NY HIE Shares Storm LessonsInsights on Data Storage Strategies
As East Coast healthcare organizations slammed by Superstorm Sandy recover, some disaster planning lessons are emerging. That includes lessons for participants in health information exchanges, especially those using a federated data architecture model.
In the federated data architecture HIE model, patient records from participating hospitals and clinics remain under the control of each organization instead of being stored in a central repository. Often, participants use edge servers that hold copies of patient data that the provider is willing to share with other HIE members. Then these servers can be queried via the HIE for records, for example, when a patient is transferred - as was common during the storm.
The benefit of the federated HIE model is that the individual organizations retain clear control over their own data, potentially enhancing security. But if the location of an edge server gets flooded, as was the case at some hospitals in New York City during the height of the storm, then the ability to share patient data with other HIE members is lost (see: HIEs: Help in Disasters?.)
Healthix an HIE serving New York City and Long Island, maintained operations during and after the storm, but not all of its participating members were as lucky, says Tom Moore, Healthix vice president.
For example, NYU Langone Medical Center lost power during the hurricane due to serious flooding, which knocked out power to its onsite edge server. The hospital evacuated hundreds of patients.
As a result, records on that server for evacuated patients transferred to other Healthix participating hospitals weren't readily available for at least a day, Moore says.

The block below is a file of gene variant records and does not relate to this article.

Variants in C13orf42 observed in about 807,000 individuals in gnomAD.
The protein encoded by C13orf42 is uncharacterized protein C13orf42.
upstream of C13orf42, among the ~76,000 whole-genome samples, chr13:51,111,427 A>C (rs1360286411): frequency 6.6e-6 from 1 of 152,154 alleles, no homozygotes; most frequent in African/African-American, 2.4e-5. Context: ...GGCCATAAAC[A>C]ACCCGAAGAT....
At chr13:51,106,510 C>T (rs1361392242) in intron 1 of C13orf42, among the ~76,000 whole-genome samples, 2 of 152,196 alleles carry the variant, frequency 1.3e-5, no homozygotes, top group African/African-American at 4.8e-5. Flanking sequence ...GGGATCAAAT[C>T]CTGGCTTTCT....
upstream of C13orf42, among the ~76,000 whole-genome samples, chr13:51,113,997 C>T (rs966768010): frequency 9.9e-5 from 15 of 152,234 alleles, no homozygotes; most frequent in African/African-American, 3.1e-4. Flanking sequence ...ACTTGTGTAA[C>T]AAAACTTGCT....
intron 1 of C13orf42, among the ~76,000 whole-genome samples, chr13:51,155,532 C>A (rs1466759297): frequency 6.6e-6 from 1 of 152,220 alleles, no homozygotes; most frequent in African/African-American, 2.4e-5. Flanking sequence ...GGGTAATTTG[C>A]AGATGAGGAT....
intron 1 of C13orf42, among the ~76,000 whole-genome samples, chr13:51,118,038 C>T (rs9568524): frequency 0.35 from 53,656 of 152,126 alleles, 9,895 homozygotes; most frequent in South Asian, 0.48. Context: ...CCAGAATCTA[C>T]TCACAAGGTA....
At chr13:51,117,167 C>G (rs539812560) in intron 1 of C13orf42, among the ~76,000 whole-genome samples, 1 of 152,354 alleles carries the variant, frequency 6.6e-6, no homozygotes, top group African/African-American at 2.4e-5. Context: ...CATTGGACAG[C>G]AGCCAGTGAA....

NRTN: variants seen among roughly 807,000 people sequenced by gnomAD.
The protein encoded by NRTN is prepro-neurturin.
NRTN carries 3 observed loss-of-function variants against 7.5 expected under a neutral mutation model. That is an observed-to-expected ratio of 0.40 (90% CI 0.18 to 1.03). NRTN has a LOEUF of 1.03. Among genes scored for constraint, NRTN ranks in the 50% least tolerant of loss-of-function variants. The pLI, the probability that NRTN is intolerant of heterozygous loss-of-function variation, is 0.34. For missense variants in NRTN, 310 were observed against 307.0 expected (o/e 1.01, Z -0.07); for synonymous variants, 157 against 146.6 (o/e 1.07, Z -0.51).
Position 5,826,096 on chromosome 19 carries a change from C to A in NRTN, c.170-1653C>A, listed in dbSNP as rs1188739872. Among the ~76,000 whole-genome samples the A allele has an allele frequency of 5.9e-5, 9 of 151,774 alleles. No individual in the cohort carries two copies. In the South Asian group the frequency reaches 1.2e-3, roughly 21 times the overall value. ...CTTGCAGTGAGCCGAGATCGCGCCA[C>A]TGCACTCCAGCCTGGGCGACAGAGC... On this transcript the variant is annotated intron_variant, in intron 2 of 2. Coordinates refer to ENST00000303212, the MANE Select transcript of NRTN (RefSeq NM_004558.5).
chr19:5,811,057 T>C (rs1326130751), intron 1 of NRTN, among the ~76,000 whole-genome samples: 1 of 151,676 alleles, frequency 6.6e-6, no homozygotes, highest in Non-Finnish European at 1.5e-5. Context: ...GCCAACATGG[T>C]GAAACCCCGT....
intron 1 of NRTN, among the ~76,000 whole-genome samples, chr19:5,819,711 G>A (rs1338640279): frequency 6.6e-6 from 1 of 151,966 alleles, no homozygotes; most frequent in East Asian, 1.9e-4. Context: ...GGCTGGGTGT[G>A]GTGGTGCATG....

Healthix's IT infrastructure is managed by New York eHealth Collaborative, which is the designated statewide HIE in New York. As part of that relationship, New York eHealth Collaborative offers Healthix members free remote hosting for their edge servers, Moore says.
Still, very few Healthix participants have chosen to have their edge servers remotely hosted, Moore says. But that could change in the aftermath of Superstorm Sandy.
"Moving ahead, I think virtual edge servers will become a bigger part of the discussion for disaster planning for HIEs," he says.
Officials at NYU Langone Medical Center haven't yet commented on whether a remote HIE edge server will become a part of its disaster planning in the wake of the storm.
But in a statement to HealthcareInfoSecurity, an NYU Langone spokesman says the medical center's emergency power system was designed and built according to all safety codes.
"We believed we could withstand a surge of approximately 12 feet, which is above the 100-year flood level for New York City. During Hurricane Irene in 2011, this facility did not suffer any major damages," he says.
"Even though our facility and our faculty and staff were trained and prepared for the storm, this was an unprecedented event," he adds. "The surge from Hurricane Sandy was recorded at 13.88 feet at Battery Park, which was 2.68 feet higher than the record level in 1821. In our location, we believe the surge from Sandy may have been even higher."